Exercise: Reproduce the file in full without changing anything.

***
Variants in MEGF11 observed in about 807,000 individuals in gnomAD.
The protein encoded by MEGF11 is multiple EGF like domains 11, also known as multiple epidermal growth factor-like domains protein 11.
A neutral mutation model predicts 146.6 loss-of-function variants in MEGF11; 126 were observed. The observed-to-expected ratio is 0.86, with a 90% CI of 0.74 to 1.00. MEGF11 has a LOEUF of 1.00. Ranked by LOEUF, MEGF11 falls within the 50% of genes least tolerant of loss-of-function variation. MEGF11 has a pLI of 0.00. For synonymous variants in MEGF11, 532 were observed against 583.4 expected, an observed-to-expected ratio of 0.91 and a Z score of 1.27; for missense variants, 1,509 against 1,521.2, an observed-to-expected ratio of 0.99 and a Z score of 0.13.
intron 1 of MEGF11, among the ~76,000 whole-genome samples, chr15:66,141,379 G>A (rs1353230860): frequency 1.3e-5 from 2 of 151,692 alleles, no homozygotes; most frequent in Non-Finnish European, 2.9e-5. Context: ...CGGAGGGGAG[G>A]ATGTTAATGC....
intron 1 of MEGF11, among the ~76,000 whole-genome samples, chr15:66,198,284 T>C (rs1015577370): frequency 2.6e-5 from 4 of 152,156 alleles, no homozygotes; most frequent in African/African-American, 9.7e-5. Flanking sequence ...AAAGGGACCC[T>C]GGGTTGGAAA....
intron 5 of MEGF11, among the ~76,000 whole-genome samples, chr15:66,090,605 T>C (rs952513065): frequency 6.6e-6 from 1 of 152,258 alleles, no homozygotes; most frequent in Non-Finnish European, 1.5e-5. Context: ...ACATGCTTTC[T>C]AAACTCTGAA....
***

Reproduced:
Variants in MEGF11 observed in about 807,000 individuals in gnomAD.
The protein encoded by MEGF11 is multiple EGF like domains 11, also known as multiple epidermal growth factor-like domains protein 11.
A neutral mutation model predicts 146.6 loss-of-function variants in MEGF11; 126 were observed. The observed-to-expected ratio is 0.86, with a 90% CI of 0.74 to 1.00. MEGF11 has a LOEUF of 1.00. Ranked by LOEUF, MEGF11 falls within the 50% of genes least tolerant of loss-of-function variation. MEGF11 has a pLI of 0.00. For synonymous variants in MEGF11, 532 were observed against 583.4 expected, an observed-to-expected ratio of 0.91 and a Z score of 1.27; for missense variants, 1,509 against 1,521.2, an observed-to-expected ratio of 0.99 and a Z score of 0.13.
intron 1 of MEGF11, among the ~76,000 whole-genome samples, chr15:66,141,379 G>A (rs1353230860): frequency 1.3e-5 from 2 of 151,692 alleles, no homozygotes; most frequent in Non-Finnish European, 2.9e-5. Context: ...CGGAGGGGAG[G>A]ATGTTAATGC....
intron 1 of MEGF11, among the ~76,000 whole-genome samples, chr15:66,198,284 T>C (rs1015577370): frequency 2.6e-5 from 4 of 152,156 alleles, no homozygotes; most frequent in African/African-American, 9.7e-5. Flanking sequence ...AAAGGGACCC[T>C]GGGTTGGAAA....
intron 5 of MEGF11, among the ~76,000 whole-genome samples, chr15:66,090,605 T>C (rs952513065): frequency 6.6e-6 from 1 of 152,258 alleles, no homozygotes; most frequent in Non-Finnish European, 1.5e-5. Context: ...ACATGCTTTC[T>C]AAACTCTGAA....